A Tale of the Good and Bad: Remodeling of the Microtubule Network in the Brain by Cdk5

Kavita Shah, Debomoy K. Lahiri

Research output: Contribution to journalReview article

23 Scopus citations


Cdk5, a cyclin-dependent kinase family member, is a global orchestrator of neuronal cytoskeletal dynamics. During embryogenesis, Cdk5 is indispensable for brain development. In adults, it is essential for numerous neuronal processes, including higher cognitive functions such as learning and memory formation, drug addiction, pain signaling, and long-term behavior changes through long-term potentiation and long-term depression, all of which rely on rapid alterations in the cytoskeleton. Cdk5 activity becomes deregulated in various brain disorders, including Alzheimer’s disease, Parkinson’s disease, Huntington’s disease, attention-deficit hyperactivity disorder, epilepsy, schizophrenia, and ischemic stroke; these all result in profound remodeling of the neuronal cytoskeleton. This Commentary specifically focuses on the pleiotropic contribution of Cdk5 in regulating neuronal microtubule remodeling. Because the vast majority of the physiological substrates of Cdk5 are associated with the neuronal cytoskeleton, our emphasis is on the Cdk5 substrates, such as CRMP2, stathmin, drebrin, dixdc1, axin, MAP2, MAP1B, doublecortin, kinesin-5, and tau, that have allowed to unravel the molecular mechanisms through which Cdk5 exerts its divergent roles in regulating neuronal microtubule dynamics, both in healthy and disease states.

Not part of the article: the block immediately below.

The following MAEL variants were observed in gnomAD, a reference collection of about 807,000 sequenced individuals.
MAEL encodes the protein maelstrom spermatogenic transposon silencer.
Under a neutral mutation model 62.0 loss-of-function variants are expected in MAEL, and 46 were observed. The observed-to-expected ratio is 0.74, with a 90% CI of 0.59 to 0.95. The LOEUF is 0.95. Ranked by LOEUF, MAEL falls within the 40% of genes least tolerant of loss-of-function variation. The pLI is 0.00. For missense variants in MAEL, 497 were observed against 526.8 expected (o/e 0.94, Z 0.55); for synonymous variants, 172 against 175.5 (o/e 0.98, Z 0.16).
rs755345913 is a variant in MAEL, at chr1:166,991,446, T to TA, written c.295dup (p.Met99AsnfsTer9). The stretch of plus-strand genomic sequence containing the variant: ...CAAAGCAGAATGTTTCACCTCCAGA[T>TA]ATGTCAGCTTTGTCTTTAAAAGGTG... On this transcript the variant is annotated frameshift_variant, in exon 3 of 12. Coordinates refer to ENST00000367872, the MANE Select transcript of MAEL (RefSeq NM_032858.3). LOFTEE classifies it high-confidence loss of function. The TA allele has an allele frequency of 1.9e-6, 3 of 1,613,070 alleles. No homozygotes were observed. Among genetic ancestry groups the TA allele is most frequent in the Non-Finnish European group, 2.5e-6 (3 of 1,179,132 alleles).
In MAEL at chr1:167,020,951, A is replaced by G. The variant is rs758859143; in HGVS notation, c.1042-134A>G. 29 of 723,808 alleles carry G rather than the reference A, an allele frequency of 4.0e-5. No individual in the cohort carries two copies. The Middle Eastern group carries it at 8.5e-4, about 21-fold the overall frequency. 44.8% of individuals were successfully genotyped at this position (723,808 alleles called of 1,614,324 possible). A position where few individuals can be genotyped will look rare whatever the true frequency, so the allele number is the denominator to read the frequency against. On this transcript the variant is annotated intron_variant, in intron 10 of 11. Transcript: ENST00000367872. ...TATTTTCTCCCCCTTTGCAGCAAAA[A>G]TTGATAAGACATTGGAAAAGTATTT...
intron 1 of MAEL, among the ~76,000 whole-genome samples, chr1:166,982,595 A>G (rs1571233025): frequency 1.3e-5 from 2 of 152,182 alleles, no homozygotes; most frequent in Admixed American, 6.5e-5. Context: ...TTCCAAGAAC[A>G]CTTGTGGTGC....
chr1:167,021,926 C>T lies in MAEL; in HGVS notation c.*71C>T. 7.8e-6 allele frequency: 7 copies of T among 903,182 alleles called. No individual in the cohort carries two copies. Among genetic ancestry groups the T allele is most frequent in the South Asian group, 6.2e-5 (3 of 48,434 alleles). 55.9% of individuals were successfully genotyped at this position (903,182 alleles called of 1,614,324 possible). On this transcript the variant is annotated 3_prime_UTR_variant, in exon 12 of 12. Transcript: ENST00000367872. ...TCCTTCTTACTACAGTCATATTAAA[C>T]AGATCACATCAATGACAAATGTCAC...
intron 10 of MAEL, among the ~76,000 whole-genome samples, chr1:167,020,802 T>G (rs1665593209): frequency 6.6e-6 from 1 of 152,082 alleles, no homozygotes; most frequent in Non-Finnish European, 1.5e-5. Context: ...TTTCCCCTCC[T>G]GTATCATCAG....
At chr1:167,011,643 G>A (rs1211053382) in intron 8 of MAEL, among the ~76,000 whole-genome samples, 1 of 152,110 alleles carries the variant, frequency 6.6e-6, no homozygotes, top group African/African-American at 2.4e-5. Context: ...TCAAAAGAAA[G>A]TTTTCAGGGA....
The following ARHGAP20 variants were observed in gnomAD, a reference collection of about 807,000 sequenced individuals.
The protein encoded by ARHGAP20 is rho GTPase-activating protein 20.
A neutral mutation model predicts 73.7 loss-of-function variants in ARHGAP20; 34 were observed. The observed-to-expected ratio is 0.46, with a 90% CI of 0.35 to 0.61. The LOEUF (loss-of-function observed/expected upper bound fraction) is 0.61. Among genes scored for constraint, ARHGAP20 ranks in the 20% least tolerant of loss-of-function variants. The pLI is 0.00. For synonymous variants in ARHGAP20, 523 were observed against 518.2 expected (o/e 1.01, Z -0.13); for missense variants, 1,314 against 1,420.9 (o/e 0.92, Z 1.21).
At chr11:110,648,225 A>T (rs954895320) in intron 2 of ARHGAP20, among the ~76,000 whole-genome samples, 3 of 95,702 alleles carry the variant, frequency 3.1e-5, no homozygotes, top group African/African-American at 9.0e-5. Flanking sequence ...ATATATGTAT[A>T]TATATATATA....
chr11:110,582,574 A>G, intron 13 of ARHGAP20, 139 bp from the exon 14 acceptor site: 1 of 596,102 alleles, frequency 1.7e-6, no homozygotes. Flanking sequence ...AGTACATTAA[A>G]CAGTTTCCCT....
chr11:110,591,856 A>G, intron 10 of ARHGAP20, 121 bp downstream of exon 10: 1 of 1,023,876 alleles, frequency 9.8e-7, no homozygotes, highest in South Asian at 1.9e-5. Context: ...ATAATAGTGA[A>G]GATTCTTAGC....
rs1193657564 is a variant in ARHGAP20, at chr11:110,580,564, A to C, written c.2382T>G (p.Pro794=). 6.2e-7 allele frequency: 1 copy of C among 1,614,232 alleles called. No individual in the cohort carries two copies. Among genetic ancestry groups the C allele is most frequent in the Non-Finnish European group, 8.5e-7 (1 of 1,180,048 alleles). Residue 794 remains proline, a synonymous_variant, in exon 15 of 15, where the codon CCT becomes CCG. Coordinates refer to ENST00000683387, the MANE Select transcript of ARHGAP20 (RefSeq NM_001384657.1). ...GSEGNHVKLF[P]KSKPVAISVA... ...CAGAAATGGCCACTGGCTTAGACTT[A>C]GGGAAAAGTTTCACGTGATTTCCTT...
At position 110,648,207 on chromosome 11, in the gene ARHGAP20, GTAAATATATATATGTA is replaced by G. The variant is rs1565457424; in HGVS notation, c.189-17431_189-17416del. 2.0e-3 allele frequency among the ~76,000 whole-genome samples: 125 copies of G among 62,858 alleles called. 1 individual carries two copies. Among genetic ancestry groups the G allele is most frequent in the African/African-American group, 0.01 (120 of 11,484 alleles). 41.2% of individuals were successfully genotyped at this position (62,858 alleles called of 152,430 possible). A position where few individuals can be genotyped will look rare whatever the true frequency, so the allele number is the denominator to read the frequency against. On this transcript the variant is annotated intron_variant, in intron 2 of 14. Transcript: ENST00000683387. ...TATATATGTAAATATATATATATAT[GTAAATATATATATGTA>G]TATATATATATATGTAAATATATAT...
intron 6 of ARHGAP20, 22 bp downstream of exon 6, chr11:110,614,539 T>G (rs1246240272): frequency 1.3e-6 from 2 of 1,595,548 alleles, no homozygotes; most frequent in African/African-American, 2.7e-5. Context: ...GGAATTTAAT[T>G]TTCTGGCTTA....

Original languageEnglish (US)
Pages (from-to)2255-2268
Number of pages14
JournalMolecular Neurobiology
Issue number3
StatePublished - Apr 1 2017


  • Alzheimer disease
  • Cdk5
  • Cytoskeleton
  • Microtubules
  • Neurodegeneration
  • p25
  • p35

ASJC Scopus subject areas

  • Neurology
  • Cellular and Molecular Neuroscience

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